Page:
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joyce guitarYou’re not the only one to feel apprehensive by the monstrous size of James Joyce’s Ulysses. That’s why we try to make your Joyce transition a lot easier. On Tuesday, June 14th, Festival Bloomsday Montréal will be presenting Stories Told and Sung, a free and enjoyable event to help ease you into Joyce through song and storytelling. Join us for an afternoon of Joyce related medleys and personal experiences on reading his work that’ll whet your appetite for this Irish author.

“Joyce was a man who nearly went into music” was what we were told by the singer of Stories Told and Sung, Kathleen McAuliffe. “He had a great love for opera especially.” As Kathleen acknowledges throughout our discussion together, Joyce’s written works are filled with musical influences that shaped his creativity. A good example would be the “Sirens” episode from Ulysses whose narrative style imitates the complex fugal form. Not to mention Molly Bloom, one of the principal characters of the book, being a somewhat renowned opera singer in Dublin. According to Joyce’s biographer, Richard Ellmann, the Irish author was obsessed with music and opera. In fact, Joyce was a wonderful singer with a tenor voice who could play the piano well and had extensive knowledge on the different types and genres of music. Imagine if he abandoned writing and pursued music full time?


Kathleen McAuliffe will be singing a medley of parlour songs for us during the event Stories Told and Sung. Courtesy of

In honour of his love for music and storytelling, Festival Bloomsday Montréal will be hosting the event Stories Told and Sung, a gathering that will take place at the Atwater Library. Musical pieces related to Joyce will be played on the piano by the talented Natalia Davydova accompanied with the voice of Kathleen McAuliffe who have worked together for fifteen years. When we asked Kathleen if the music from his books inspired her choices this year, she replied with an emphatic yes. “Music is integral to the writing of Joyce and his choices are interesting to me. He nearly went into music full time and couldn’t figure where he would put them. So they’re everywhere in his texts.”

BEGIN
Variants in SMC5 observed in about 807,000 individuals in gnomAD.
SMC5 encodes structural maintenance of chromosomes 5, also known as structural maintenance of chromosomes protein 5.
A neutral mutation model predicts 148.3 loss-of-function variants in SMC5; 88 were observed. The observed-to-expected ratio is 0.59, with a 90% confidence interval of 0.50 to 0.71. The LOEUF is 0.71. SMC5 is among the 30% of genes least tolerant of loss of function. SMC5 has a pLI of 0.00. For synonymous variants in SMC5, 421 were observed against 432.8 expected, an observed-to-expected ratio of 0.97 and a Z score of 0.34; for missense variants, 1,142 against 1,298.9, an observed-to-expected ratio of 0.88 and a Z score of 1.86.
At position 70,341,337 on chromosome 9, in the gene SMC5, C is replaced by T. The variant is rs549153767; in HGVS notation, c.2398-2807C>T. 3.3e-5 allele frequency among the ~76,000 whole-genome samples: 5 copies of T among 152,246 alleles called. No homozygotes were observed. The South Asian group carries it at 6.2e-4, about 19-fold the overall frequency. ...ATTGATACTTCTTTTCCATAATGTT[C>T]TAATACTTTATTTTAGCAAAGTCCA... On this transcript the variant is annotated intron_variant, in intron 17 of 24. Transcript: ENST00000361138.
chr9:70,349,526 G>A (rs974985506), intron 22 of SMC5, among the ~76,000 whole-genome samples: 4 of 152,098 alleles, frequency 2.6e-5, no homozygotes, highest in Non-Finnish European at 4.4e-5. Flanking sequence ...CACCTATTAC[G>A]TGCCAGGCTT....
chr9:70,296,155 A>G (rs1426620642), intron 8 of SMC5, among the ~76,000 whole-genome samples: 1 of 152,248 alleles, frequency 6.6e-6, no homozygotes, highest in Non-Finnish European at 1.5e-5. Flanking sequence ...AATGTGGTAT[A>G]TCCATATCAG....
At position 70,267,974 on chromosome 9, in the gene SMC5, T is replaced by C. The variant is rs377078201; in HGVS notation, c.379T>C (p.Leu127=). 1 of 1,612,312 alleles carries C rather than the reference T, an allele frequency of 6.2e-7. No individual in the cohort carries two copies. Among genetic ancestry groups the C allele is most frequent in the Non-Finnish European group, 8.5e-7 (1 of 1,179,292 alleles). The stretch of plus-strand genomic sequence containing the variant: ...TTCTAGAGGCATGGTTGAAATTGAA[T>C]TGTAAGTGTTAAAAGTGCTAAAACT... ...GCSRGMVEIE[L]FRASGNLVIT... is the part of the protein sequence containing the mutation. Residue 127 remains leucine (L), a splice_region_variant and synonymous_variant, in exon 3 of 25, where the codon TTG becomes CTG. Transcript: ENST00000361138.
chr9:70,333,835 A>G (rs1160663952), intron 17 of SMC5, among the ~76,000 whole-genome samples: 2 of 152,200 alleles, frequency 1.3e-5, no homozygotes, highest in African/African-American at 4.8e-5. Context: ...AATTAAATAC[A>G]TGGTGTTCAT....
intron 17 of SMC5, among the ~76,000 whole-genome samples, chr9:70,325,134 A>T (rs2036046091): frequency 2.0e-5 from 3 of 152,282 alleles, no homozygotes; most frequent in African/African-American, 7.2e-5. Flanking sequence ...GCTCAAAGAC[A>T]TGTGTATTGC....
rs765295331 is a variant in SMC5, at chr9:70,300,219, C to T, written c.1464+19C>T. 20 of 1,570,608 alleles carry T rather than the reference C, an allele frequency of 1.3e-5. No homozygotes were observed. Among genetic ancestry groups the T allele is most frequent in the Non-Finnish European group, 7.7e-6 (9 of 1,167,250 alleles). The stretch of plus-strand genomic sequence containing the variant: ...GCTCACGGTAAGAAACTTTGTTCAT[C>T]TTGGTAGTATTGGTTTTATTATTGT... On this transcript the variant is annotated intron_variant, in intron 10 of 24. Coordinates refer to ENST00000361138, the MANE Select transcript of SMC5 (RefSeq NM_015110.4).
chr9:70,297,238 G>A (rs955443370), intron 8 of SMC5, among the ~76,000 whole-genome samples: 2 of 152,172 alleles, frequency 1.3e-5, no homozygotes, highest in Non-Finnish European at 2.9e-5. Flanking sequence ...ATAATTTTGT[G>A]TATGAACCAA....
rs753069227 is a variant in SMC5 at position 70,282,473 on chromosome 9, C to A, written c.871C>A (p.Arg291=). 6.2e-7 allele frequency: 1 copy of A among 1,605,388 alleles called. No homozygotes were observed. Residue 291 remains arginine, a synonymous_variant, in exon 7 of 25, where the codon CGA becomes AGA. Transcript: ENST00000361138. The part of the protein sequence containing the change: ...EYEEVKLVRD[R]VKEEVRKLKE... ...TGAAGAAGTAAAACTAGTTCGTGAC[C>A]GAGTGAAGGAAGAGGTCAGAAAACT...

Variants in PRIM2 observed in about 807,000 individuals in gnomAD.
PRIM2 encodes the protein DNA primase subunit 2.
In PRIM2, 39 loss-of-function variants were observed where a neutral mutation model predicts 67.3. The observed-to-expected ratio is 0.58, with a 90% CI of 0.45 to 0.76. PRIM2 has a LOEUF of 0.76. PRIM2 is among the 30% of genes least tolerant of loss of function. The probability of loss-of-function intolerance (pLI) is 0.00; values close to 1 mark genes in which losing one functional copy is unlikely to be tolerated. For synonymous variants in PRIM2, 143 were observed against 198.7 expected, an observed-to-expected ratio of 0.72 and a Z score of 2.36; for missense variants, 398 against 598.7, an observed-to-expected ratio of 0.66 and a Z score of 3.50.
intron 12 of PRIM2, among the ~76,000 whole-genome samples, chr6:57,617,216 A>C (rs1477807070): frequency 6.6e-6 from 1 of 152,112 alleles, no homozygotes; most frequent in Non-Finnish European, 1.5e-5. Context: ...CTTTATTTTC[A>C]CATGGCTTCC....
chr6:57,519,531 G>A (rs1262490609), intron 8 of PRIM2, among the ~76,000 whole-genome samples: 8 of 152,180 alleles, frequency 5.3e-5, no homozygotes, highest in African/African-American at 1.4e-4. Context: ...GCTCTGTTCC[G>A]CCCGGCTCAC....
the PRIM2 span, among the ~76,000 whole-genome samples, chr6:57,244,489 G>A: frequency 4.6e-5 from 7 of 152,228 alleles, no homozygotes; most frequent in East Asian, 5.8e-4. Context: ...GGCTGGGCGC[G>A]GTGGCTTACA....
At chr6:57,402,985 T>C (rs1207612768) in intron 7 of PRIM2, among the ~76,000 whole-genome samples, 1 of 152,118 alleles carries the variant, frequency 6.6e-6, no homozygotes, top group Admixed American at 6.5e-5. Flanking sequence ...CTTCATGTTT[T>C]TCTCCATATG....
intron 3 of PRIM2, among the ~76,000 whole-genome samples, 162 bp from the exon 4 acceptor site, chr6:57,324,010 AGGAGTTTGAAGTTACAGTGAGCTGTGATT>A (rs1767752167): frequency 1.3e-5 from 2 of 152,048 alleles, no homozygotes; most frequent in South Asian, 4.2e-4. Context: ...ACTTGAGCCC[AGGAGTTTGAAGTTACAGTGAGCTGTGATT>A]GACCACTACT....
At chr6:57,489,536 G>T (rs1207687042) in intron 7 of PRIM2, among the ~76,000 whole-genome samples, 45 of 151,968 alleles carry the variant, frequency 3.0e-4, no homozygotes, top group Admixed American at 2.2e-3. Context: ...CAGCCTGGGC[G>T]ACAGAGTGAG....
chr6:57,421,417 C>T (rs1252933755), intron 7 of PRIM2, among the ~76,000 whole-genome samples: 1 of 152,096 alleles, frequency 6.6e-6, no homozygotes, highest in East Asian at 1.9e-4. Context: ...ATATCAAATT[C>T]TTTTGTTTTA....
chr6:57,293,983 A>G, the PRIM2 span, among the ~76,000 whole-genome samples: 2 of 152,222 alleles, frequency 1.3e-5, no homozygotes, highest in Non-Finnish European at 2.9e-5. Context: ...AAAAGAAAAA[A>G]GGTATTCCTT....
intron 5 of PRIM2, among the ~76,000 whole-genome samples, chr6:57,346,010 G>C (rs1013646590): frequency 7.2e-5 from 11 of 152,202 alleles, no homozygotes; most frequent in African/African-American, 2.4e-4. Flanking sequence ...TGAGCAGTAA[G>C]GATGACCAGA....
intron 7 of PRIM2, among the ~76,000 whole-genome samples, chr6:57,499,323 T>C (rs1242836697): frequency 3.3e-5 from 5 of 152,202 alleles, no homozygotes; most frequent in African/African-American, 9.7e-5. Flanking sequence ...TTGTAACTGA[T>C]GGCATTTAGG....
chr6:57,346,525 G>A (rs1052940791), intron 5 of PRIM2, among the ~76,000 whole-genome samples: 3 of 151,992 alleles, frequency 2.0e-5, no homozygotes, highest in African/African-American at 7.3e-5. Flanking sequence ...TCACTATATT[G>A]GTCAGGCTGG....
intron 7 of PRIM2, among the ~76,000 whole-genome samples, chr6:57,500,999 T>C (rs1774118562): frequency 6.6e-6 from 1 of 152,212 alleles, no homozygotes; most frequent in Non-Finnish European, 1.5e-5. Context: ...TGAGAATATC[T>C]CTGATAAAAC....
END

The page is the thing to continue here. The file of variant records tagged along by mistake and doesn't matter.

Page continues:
This year, Kathleen will be singing a medley of parlour songs, such as “The Lass of Aughrim” featured in The Dead and the classic, “Love’s Old Sweet Song” featured in Ulysses. “The choices are different from traditional pub songs. I’ll be doing “The Lass of Aughrim” which is very tricky and featured in the movie The Dead and of course “Love’s Old Sweet Song” which is [Molly’s] theme song for potential reconciliation with Bloom.”

The event will also include a reading of one of Joyce’s stories from Dubliners by Margaret Nicolai, as well as personal anecdotes from three separate members on their experience reading Joyce and how it changed their view on literature facilitated by Jan Gregory. As Kathleen explains what to expect from the event, she describes it as a tasting menu. “Many people are frightened by the size of the text and so we hope that the event will whet your appetite to go back to the books after hearing the three personal brushes with Joyce.” She also describes the event to be the most user friendly: “if you’re vaguely interested, you should go.” And so we here at Festival Bloomsday Montréal invite you to Stories Told and Sung, where you have the opportunity to sit down, relax, and listen to the songs and stories related to the world of Joyce.

What: Stories Told and Sung

When: Tuesday, June 14th, 2016 from 12:30pm – 1:30pm

Where: Atwater Library (1 minute walk from the Atwater metro station on the green line)

Who: Songs sung by Kathleen McAuliffe, piano performance by Natalia Davydova, stories told by Margaret Nicolai and performed by Jan Gregory and members of Festival Bloomsday Montréal.

Cost: FREE

Don’t forget to register to our upcoming events. We’re looking forward to seeing you!

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